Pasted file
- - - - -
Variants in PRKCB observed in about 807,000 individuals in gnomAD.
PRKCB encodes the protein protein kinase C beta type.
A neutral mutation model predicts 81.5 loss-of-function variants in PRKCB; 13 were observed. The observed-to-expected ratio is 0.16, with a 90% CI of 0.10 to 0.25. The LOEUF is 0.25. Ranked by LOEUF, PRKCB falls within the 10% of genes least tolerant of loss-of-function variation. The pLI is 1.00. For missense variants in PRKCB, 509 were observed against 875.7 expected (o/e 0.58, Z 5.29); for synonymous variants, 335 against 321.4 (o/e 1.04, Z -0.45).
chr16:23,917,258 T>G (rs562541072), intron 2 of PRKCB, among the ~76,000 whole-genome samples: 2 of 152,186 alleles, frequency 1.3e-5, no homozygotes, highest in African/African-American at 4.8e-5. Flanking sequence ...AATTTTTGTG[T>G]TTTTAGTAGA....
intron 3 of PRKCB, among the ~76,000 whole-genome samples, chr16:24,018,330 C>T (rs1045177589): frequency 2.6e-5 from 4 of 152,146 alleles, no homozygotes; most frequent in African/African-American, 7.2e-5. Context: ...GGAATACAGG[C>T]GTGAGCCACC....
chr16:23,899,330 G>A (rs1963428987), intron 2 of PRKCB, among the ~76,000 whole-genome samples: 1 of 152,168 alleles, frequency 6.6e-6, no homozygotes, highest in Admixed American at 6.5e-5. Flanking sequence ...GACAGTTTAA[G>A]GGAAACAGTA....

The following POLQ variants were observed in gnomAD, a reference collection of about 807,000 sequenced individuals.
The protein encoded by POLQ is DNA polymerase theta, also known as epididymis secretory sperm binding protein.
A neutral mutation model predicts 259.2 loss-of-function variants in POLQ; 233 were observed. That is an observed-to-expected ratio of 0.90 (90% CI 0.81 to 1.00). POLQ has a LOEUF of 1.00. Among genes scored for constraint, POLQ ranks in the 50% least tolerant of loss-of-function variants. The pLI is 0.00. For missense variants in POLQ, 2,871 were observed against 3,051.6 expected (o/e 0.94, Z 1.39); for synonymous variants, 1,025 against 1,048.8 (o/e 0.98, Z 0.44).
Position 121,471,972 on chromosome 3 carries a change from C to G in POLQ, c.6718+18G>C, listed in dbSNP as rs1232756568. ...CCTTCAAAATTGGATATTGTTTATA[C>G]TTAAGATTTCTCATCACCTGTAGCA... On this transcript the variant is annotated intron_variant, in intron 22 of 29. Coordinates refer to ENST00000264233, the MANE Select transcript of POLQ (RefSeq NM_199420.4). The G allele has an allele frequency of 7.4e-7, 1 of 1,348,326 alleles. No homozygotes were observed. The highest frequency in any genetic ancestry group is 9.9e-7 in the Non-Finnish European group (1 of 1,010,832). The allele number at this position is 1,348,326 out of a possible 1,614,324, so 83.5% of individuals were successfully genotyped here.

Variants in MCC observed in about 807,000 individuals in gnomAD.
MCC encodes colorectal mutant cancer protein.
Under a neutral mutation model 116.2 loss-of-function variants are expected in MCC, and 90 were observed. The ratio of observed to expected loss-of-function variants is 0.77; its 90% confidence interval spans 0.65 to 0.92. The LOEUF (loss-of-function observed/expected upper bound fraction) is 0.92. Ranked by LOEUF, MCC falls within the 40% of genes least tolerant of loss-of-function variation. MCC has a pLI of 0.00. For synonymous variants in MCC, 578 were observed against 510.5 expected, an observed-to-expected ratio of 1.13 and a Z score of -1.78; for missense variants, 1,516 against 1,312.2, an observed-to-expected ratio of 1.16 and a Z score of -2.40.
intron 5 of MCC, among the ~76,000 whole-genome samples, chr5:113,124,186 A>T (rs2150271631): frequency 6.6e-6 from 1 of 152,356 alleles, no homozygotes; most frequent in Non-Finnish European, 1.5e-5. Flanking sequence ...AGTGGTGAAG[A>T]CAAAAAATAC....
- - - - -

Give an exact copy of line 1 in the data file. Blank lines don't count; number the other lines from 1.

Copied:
Variants in PRKCB observed in about 807,000 individuals in gnomAD.